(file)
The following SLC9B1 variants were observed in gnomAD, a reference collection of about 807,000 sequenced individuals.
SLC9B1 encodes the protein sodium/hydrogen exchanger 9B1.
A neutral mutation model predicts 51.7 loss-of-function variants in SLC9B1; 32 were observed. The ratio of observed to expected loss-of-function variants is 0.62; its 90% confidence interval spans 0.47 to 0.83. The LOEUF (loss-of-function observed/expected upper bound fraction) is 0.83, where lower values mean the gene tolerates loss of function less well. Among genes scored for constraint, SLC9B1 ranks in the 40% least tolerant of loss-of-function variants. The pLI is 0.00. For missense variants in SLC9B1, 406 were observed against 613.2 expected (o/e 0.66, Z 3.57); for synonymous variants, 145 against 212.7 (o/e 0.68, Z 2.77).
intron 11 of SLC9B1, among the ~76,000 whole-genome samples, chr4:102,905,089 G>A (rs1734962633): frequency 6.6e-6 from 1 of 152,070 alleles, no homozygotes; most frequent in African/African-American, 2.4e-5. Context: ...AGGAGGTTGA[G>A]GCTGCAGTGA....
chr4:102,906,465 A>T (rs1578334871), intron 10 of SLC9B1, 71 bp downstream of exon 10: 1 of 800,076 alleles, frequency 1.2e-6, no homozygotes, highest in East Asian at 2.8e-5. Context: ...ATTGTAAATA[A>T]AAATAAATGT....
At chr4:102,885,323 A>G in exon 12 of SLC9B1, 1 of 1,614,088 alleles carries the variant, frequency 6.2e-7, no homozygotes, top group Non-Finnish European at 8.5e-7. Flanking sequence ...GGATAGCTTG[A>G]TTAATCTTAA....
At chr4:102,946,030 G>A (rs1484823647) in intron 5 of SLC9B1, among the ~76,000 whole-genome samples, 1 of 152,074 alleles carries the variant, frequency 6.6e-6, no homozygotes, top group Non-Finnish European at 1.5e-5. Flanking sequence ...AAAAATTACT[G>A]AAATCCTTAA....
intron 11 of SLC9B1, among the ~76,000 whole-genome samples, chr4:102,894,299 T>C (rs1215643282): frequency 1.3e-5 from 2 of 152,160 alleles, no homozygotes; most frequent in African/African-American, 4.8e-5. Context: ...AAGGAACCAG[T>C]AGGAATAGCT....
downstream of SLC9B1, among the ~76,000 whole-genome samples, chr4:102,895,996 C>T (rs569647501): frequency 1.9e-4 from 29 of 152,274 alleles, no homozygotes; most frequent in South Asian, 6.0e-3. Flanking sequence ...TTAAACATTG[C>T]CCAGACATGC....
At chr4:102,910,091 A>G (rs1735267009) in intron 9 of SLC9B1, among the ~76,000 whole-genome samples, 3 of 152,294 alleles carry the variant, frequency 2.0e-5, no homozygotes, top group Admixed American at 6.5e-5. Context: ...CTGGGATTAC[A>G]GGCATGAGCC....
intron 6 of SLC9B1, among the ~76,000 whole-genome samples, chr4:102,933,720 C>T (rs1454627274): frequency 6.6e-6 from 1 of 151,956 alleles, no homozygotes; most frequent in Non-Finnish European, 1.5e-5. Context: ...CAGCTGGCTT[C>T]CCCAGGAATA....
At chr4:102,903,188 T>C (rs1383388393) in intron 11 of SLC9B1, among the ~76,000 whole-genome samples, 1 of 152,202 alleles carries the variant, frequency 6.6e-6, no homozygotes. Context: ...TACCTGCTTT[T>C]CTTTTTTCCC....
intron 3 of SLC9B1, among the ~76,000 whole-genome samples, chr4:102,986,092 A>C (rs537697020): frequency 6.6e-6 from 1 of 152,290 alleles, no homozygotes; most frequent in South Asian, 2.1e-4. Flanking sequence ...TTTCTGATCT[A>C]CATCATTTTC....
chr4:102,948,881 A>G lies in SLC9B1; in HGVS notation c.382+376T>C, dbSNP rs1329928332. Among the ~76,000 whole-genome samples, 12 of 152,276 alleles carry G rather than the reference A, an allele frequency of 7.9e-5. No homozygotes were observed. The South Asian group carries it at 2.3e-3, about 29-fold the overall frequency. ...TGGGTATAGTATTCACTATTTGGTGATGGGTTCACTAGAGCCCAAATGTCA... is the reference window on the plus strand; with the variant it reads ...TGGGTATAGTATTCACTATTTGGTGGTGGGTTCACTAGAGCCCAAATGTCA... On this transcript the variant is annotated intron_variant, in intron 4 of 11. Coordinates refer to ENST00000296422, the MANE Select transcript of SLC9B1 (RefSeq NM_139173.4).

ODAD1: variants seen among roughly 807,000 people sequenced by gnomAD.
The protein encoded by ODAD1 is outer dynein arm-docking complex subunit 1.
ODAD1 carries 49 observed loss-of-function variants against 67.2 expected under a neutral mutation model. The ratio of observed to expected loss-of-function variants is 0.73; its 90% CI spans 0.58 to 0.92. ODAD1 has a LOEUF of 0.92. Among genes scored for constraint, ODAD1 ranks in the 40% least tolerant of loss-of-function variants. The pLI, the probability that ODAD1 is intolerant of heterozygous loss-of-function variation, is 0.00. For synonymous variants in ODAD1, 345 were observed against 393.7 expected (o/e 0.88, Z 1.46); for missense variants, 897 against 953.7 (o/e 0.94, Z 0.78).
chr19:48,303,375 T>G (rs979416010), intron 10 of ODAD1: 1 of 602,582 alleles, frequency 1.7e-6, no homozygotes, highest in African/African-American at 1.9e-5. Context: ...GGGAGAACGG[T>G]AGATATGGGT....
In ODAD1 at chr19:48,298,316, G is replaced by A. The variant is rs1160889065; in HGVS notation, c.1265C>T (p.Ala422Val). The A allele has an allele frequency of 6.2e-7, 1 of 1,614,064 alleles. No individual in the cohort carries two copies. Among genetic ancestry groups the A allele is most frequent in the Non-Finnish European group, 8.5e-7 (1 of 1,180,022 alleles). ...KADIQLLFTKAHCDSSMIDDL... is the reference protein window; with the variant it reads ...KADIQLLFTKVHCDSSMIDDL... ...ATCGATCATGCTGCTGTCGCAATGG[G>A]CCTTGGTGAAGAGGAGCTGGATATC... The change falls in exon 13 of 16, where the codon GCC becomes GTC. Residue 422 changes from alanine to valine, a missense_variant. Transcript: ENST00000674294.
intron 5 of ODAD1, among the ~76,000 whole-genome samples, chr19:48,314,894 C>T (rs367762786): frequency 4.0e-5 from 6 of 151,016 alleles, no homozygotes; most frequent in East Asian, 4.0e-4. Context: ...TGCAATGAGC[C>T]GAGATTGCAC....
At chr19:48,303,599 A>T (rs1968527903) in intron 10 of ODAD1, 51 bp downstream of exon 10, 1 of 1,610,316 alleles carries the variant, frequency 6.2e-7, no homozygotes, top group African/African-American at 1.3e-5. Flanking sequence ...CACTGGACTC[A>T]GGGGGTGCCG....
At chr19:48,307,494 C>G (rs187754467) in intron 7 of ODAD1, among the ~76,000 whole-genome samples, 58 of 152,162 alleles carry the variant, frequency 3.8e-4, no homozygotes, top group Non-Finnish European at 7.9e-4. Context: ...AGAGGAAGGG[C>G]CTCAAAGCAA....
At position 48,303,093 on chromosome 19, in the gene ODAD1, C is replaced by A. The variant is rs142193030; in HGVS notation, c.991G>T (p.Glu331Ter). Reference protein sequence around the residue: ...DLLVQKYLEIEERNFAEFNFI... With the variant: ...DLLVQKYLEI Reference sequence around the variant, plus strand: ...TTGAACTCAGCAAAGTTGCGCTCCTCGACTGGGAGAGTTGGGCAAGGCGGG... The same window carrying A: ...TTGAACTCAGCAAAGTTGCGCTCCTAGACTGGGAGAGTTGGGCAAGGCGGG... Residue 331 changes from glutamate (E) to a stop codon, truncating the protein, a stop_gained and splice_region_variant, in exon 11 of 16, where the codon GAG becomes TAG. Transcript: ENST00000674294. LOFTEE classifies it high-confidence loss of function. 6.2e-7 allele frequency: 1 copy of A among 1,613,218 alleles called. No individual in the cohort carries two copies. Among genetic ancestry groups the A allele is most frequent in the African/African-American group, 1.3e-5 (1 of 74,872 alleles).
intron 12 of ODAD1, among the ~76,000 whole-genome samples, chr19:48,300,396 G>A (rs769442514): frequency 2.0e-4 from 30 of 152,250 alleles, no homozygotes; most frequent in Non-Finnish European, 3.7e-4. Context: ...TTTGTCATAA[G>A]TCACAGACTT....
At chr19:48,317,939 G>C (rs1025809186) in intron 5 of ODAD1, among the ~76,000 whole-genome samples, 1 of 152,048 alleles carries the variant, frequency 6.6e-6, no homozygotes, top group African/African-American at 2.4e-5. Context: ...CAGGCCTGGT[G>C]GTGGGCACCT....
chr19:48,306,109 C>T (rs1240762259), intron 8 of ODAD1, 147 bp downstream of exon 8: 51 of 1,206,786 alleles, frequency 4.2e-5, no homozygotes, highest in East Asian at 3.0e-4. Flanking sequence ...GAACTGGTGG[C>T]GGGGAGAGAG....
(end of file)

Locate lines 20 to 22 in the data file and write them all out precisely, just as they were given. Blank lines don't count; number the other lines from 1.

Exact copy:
intron 5 of ODAD1, among the ~76,000 whole-genome samples, chr19:48,314,894 C>T (rs367762786): frequency 4.0e-5 from 6 of 151,016 alleles, no homozygotes; most frequent in East Asian, 4.0e-4. Context: ...TGCAATGAGC[C>T]GAGATTGCAC....
At chr19:48,303,599 A>T (rs1968527903) in intron 10 of ODAD1, 51 bp downstream of exon 10, 1 of 1,610,316 alleles carries the variant, frequency 6.2e-7, no homozygotes, top group African/African-American at 1.3e-5. Flanking sequence ...CACTGGACTC[A>T]GGGGGTGCCG....
At chr19:48,307,494 C>G (rs187754467) in intron 7 of ODAD1, among the ~76,000 whole-genome samples, 58 of 152,162 alleles carry the variant, frequency 3.8e-4, no homozygotes, top group Non-Finnish European at 7.9e-4. Context: ...AGAGGAAGGG[C>G]CTCAAAGCAA....